Well, on the box they have it as the Bunnahabhain XXV. On the label they put the age in Arabic numerals as well, just to be safe—say this for Bunnahabhain: others may be taking ages off their malts but they put theirs on in two different notations. By either notation this is the oldest official Bunnahabhain I have yet had. I got this from a bottle split—the bottle it came from is at 46.3%, which means it’s post-reboot Bunnahabhain (the reboot happened circa 2011, I believe, but don’t trust me). As to what the actual year of release of this bottle was I’m not sure. This is supposed to have a fair bit of ex-sherry cask whisky in the vatting. This is true of the rebooted 12 yo and 18 yo too, of course, and those are both quite different—I found the sherry in the 12 yo I reviewed to be overbearing and indeed sulphurous, whereas in the 18 yo I reviewed I found the sherry touch to be light and the resultant malt to be balanced with the briny and fruity character of the spirit coming through. Let’s see where on the spectrum this one falls.
Bunnahabhain XXV (46.3%; from a bottle split)
Nose: Raisiny sherry right off the bat, with sweet honey and some tart citrus (orange) coming through from below. Hints of cola as well and a nice maltiness too. After a minute the citrus is more marmaladey and there’s some apricot too. Gets brinier too as it goes. With more time the fruit gets quite intense: the raisiny notes are now closer to red plum; a bit of pipe tobacco too. Nothing new with water.
Palate: A thinner version of everything from the nose with a leafy, almost wood-smoky bite as I swallow. Some milk chocolate here and on the second sip more oak. The texture is a little too thin. As on the nose, the fruit gets more intense with time but never very intense here; and a slight metallic note develops as well. Nothing to report here with water either.
Finish: Medium-long. Gets spicier as it goes and the oak becomes a bit sharper too. Water knocks back the spice and oak and emphasizes the sweeter fruit into the finish.
Comments: Very reminiscent of Highland Park on the nose and very good there. The palate is a bit too thin both in terms of intensity of flavour and mouthfeel, and there’s not much development or complexity, and you sort of want that in an older whisky, I think. This has no flaws but it also has nothing to particularly recommend it over, say, the Highland Park 18 (which even at its now inflated price is quite a bit cheaper than this). And I have to say I preferred my last bottle of the Bunnahabhain 18 to this too.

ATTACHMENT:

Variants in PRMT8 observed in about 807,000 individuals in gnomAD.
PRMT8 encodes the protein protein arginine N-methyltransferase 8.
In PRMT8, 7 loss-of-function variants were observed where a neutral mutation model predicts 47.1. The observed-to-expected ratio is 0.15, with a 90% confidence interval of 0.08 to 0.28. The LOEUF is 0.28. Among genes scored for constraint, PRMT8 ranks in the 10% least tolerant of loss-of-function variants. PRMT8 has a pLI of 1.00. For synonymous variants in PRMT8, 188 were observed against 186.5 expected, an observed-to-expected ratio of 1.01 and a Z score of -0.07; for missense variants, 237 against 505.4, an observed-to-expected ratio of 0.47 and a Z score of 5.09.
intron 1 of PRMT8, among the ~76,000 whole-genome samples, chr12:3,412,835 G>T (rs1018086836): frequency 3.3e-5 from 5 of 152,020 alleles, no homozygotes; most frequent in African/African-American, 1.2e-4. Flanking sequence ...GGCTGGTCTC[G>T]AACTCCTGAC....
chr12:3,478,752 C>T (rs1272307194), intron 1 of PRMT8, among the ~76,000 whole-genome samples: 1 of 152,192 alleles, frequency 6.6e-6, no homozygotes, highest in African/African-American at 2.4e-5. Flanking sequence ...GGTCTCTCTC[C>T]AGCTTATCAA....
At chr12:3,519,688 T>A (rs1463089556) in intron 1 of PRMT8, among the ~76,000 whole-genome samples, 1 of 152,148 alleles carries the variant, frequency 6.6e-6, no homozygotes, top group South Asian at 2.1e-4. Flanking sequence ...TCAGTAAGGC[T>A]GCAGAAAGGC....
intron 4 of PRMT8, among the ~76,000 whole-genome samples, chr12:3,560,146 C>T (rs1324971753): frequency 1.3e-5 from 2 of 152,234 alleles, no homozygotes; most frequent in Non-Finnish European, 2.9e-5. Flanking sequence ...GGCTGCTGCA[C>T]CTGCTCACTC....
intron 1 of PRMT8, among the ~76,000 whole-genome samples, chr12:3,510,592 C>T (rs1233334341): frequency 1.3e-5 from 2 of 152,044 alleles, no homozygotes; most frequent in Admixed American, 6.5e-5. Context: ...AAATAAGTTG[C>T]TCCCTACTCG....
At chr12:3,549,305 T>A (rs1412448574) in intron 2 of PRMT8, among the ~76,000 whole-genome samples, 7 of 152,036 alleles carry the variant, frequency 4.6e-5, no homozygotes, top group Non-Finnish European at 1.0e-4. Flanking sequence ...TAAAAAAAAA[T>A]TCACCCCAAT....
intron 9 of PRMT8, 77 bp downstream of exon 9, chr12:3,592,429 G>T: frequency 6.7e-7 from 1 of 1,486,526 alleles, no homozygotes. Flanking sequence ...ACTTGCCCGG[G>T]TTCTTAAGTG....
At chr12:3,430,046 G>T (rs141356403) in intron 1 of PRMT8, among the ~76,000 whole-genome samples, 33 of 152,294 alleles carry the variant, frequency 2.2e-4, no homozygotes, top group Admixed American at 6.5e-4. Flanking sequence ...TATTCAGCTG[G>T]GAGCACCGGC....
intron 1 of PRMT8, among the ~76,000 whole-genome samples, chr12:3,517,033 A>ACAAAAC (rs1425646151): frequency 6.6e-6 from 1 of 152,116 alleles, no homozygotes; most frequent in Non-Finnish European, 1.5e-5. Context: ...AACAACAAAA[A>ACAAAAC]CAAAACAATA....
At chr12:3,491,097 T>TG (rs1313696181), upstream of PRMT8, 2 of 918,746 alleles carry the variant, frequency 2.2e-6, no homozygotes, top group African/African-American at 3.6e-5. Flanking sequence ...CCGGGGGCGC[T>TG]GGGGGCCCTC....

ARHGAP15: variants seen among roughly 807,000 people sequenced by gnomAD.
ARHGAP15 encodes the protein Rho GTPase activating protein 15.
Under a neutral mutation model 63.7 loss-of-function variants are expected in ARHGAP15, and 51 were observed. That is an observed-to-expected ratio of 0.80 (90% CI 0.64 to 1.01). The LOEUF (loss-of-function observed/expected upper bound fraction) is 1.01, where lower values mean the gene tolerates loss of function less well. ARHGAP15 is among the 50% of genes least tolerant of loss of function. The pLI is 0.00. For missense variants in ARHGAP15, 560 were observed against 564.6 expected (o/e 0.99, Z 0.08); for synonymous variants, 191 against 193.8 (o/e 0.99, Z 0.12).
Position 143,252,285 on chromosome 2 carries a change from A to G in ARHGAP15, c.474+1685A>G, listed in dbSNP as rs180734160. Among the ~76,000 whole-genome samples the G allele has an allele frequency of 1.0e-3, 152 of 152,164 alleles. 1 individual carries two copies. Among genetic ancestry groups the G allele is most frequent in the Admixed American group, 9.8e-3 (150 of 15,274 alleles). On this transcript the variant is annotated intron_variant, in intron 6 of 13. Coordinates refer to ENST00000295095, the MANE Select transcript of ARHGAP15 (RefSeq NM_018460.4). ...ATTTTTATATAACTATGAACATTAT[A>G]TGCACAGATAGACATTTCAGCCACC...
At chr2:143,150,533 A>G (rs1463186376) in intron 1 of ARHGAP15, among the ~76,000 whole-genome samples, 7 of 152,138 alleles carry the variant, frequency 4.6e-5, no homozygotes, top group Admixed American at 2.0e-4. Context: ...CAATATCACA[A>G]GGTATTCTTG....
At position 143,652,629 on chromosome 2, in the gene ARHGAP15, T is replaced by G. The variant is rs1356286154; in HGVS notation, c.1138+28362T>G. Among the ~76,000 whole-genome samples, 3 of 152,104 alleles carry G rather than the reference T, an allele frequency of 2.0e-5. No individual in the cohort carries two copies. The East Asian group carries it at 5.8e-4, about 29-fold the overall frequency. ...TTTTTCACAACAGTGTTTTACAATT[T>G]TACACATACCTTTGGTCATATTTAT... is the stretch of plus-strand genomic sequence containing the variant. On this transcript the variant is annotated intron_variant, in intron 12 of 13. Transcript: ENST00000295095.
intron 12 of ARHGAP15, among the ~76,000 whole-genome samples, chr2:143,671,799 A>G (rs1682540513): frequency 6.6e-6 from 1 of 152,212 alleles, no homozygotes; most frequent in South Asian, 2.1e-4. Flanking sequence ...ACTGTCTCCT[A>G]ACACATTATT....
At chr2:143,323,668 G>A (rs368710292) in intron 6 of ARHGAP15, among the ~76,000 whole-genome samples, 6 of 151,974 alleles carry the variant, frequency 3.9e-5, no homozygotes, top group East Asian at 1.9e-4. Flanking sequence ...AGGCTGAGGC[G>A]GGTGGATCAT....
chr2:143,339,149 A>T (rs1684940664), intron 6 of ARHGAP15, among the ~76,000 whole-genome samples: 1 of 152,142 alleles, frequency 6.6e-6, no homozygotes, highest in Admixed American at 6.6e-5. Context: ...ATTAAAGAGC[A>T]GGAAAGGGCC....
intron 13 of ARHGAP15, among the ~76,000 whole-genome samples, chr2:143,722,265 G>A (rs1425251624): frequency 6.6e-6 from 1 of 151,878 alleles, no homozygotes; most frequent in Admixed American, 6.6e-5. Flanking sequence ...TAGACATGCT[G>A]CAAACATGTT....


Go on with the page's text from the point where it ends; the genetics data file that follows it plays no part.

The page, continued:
Rating: 86 points.
The price has skyrocketed too boot. I have seen it for several hundred dollars in a few stores. A total non-starter as far as I am concerned. Even at the old price of ~ $350 it wasn’t worth anywhere near the money.
Winesearcher has it going for as high as $700 (which is insane) but most places seem to have it between $350 and $500 (also insane). If you go by what’s in the bottle I’d say $125-140 is the most I’d consider paying. What I mean is that at that price lots of other malts that offer the same general profile are available—younger, yes but probably better (Highland Park 18, Glendronach 18, Springbank 18). And not that I’d pay the current asking price for the Yamazaki 18 but I think that’s far better value too than $350, let alone $500, for this.
Courtesy Jordan D. on Twitter, the link to this official sales sheet that details the cask composition of the Bunnahabhain 12, 18 and 25. Some interesting things: the 25 yo is comprised of spirit matured in “20% American charred Bourbon casks, 60% ex-scotch casks, and 20% Olorosso Sherry casks”, whereas the 18 yo is comprised of spirit matured in “65% Olorosso Sherry casks and 35% American charred Bourbon casks”. Based on this you might expect the 18 yo to be far more heavily sherried but that isn’t the case. Jordan hazarded that the difference might have to do with first-fill and refill sherry, but it seems to me that “ex-scotch casks” must refer to refill casks.
The description of the 25 yo, unlike the 12 and 18, does not specify that it’s un-chillfiltered, but I’m guessing that’s just an omission.
Thanks for posting this one. I had considered the splurge on the XXV, but there are very few reviews posted for it anywhere on the world wide inter web. I enjoyed the XII alright, but I absolutely love the XVIII. So my gut was telling me to stock on extra XVIII, rather than splurging. Now you definitely have me leaning that way.
You’re welcome. I think you can do far better for the money. I’d tell you to try it for yourself before buying but unless you know someone with a bottle any bar that might carry it will likely charge a ransom for a small pour.
By the way, Serge reviewed a 2011 issue of this 25 year old. Our scores are very close but our experience was otherwise reversed: he didn’t care for the nose of the one he had and far preferred the palate.
I noticed his review as one. Oddly enough he hasn’t reviewed the xviii since its old 43% version.